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C. Martin Gaskell, a Ph.D astronomer has a keen interest in music. But reports of his keen interest in disproving evolution were grossly exaggerated.  (Source: In Color: Nebraska)
Apparently the published information on Dr. Gaskell's viewpoints is very misleading

Background:

Whenever we do a story -- particularly a controversial one -- we always try to get as many voices and perspectives as possible.  Yesterday we wrote on the story of C. Martin Gaskell, a Ph.D astronomer who sued after being passed over for promotion and accused of being a creationist.  He had just secured an out-of-court victory -- a small settlement from the University of Kentucky, the university that passed him over.

A blog from the organization responsible for the prestigious peer reviewed journal Nature attempts to sum up the story, writing:

Should the University of Kentucky have hired a qualified astronomer to lead their new observatory, despite his strong religious views and his public doubts about evolution? Or was their decision to pass him over discrimination?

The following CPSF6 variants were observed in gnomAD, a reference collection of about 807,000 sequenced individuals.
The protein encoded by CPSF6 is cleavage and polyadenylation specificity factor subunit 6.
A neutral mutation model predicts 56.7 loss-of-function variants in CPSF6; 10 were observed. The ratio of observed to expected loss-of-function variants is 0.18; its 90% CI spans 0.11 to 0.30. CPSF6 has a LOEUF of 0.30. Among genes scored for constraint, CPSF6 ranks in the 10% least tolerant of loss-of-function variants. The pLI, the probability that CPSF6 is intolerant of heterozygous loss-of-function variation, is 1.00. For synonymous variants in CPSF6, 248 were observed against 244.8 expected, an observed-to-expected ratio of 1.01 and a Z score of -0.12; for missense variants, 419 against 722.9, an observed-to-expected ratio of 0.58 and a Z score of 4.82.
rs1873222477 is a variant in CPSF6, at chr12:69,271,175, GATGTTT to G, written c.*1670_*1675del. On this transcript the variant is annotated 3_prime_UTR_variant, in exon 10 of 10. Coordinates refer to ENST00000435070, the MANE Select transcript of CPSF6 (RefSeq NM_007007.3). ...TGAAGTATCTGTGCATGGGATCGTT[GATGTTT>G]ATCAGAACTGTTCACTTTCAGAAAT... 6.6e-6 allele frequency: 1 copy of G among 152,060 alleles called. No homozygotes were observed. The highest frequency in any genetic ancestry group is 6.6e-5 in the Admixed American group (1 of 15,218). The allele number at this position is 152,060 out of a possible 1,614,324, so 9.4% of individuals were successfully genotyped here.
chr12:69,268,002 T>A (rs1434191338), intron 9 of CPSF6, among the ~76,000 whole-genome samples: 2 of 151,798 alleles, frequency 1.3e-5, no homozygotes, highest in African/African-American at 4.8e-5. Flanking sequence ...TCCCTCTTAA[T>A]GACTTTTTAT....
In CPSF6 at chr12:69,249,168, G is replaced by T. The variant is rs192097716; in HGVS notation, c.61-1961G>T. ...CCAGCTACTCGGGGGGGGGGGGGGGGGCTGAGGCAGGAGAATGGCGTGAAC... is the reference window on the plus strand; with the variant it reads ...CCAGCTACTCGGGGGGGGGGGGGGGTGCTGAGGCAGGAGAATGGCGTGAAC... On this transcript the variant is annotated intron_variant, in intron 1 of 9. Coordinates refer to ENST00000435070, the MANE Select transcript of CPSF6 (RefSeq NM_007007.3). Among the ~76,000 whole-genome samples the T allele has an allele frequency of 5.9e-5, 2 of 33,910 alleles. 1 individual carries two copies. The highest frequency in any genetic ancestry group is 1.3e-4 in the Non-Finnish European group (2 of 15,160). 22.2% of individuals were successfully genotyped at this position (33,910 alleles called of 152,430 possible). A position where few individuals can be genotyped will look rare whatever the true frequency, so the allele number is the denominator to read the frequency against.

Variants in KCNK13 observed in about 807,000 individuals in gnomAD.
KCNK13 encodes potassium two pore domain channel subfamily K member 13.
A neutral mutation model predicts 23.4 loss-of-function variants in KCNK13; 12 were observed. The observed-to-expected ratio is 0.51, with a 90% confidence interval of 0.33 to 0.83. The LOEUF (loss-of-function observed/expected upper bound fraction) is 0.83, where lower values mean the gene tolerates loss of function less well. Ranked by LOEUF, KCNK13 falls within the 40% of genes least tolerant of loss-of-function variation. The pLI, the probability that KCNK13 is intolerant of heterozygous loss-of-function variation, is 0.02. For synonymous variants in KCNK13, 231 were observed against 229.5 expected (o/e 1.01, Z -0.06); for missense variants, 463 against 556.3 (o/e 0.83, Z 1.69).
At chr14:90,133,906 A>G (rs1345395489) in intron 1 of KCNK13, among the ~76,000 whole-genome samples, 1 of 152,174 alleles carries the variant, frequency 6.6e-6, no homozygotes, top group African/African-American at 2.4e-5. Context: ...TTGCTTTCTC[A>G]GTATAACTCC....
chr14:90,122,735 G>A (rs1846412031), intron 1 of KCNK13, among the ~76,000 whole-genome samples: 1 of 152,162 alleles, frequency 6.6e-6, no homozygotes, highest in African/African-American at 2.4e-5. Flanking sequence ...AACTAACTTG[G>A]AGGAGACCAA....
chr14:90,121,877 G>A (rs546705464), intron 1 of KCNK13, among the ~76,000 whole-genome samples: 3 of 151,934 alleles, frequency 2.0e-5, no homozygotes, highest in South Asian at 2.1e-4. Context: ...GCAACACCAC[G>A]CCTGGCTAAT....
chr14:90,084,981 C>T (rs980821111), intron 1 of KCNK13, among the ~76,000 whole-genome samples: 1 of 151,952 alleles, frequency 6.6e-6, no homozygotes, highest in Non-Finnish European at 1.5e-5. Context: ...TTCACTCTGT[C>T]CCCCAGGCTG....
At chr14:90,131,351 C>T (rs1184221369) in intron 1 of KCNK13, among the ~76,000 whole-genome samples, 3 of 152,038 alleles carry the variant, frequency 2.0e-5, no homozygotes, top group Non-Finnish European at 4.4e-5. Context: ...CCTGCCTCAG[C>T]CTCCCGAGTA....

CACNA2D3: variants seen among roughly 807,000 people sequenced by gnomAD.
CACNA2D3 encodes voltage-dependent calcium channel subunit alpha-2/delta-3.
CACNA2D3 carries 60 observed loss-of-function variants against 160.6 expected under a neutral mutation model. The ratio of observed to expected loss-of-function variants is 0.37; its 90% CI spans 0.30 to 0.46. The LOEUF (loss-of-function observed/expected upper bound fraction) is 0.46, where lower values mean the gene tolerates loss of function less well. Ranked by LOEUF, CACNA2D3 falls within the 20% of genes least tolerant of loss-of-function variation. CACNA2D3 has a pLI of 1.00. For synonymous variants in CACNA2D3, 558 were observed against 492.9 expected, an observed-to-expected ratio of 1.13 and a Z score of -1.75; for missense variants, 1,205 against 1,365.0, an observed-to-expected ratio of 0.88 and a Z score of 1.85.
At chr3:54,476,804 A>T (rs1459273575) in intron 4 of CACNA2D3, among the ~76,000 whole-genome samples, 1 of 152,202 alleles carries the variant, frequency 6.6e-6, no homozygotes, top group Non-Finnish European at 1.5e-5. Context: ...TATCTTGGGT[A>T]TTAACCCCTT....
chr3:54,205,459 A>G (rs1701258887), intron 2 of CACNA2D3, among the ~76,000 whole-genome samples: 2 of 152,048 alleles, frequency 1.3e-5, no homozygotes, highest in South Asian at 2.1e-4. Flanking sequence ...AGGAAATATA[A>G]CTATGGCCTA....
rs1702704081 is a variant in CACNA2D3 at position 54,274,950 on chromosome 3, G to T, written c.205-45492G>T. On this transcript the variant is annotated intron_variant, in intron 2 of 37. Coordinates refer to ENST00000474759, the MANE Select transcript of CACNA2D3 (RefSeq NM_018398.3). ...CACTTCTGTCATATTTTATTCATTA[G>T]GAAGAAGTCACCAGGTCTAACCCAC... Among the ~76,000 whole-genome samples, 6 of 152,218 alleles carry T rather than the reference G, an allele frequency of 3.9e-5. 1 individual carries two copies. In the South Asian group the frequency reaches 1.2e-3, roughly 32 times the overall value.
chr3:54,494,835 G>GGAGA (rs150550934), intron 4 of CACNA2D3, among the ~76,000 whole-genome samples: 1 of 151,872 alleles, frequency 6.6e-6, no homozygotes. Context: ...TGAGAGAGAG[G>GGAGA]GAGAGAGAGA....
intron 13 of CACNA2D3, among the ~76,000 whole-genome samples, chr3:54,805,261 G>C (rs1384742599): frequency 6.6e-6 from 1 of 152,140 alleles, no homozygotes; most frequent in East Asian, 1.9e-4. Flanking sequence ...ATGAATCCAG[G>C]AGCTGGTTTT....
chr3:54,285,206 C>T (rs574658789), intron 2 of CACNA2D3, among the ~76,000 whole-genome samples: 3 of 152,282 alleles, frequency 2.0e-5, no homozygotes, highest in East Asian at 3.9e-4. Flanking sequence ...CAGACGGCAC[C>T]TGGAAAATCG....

Many other publications published similar accounts.  There was only one problem -- Dr. Gaskell is a firm believer in evolution and to say he has "public doubts" about it, is stretching reality.  For our readers who were hoping him to be the great scientific savior for creationists, sorry to disappoint -- Dr. Gaskell is a religious man, but he doesn't abandon logic.

We were fortunate enough to interview him about his beliefs and the experience he went through, being accused of believing in intelligent design or creationism by the University of Kentucky staff, who clearly misunderstood his viewpoint.

The Interview:

Jason Mick, Senior News Editor, DailyTech:
When I first wrote my article, I was primarily referencing the settlement document, the university press release, and some additional items referenced by the Nature article on your lawsuit's outcome. All of these made it sound like your viewpoint was creationism (or left ambiguity to what exactly it was).

C. Martin Gaskell, Ph.D, University of Texas Astronomy Department:
I'm afraid that the University of Kentucky has been putting out a number of false or misleading things! I complained to their spokesman about this but didn't get any response.
 
The ACLJ press release is at: http://www.aclj.org/News/Read.aspx?ID=4074" rel="nofollow

[Note: American Center for Law and Justice is a legal advocacy similar to the ACLU, which supported Dr. Gaskell in his case.]